Support independent, faith-based journalism.
The United States Commission on International Religious Freedom has expressed displeasure over a series of recent court decisions that seek to limit the religious rights of Christians in the North African country of Algeria.
USCIRF’s concern, expressed via a press release in late June, was made public after three separate court rulings against Christians in the majority Muslim country.
In March, Hamid Soudad, a 42-year-old Christian accused of insulting the prophet Mohammad, had a five-year prison sentence against him upheld by the Oran City Court of Justice. On June 6, Rachid Mohamed Seighir, pastor and bookstore owner, was sentenced to one year in prison by a court in Oran for “printing, storing or distributing materials” considered damaging to the Muslim faith. And an administrative court in Oran separately ordered that three Protestant churches that had been forcibly closed by the government in 2020 be sealed up. The order is currently being challenged in court.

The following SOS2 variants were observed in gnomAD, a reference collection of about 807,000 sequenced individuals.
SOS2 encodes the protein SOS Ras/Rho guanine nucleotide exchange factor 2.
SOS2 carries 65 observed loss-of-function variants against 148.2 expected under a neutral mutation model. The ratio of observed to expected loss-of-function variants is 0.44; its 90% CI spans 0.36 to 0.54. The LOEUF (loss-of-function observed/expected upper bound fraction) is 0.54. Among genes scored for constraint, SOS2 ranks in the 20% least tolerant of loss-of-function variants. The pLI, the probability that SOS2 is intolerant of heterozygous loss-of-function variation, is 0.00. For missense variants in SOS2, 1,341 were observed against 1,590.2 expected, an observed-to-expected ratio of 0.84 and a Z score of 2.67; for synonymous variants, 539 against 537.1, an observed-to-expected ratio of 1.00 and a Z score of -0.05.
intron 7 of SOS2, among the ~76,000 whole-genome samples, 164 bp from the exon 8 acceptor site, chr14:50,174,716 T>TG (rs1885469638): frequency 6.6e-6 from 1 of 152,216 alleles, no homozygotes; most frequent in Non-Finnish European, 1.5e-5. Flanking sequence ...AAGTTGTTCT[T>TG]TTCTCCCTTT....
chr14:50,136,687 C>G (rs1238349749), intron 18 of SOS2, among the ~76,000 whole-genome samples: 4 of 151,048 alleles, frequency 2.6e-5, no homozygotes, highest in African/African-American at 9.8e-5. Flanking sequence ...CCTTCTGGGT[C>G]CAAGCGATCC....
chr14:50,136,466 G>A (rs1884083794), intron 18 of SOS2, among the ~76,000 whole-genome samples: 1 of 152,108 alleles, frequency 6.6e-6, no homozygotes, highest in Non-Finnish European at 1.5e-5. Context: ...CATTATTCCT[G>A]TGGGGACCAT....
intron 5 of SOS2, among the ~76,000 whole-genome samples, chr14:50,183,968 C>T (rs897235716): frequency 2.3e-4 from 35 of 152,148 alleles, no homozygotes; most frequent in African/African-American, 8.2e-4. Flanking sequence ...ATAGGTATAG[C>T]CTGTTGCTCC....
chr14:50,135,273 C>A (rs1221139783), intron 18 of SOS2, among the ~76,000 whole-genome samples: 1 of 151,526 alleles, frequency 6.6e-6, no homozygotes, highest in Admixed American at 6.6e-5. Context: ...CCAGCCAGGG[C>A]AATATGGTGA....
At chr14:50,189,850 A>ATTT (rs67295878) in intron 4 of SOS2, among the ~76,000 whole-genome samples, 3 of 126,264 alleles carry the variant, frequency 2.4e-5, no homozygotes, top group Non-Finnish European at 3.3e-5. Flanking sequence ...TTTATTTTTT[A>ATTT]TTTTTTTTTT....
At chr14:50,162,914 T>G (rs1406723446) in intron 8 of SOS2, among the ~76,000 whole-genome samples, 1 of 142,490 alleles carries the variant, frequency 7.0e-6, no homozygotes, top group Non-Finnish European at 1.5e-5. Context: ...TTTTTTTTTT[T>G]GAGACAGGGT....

Reviewing the situation, USCIRF Chair Nadine Maenza said the decisions against the Christians show that Algeria “is headed in the wrong direction.”
Frederick A. Davie, USCIRF commissioner, also said the court decisions “are blatant attempts to deny Algerian Christians their right to freedom of religion and belief.”
For this reason, Davie encourages U.S. government officials “to attend the appeals for these rulings to demonstrate our firm commitment to religious freedom for Christians and all religious minorities in Algeria.”
Prior to now, Algeria was one of many countries around the world accused of violating the religious rights of people. A report titled “Violating Rights, Enforcing the World’s Blasphemy Laws,” published last year by USCIRF said: “Researchers noted incidents in which state officials allegedly committed acts of violence, including torture or cruel, inhuman and degrading treatment or punishment, against accused blasphemers in Pakistan, Iran, Algeria and Egypt.”
Victims of blasphemy laws and other repressive policies in Algeria are not limited to Christians. Muslims and nonbelievers also are affected.
In a report titled “Nonbelievers in Africa,” published in June this year, USCIRF revealed that in February 2021, Said Djabelkhir, founder of the Cercle des Lumières pour la pensée libre (Circle of Enlightenment for Free Thought), appeared at a court hearing in Algiers after a fellow academic filed a complaint that his “writings about and critiques of Islamic rituals and practices represented attacks on Islam, particularly mocking the prophet Mohammed.”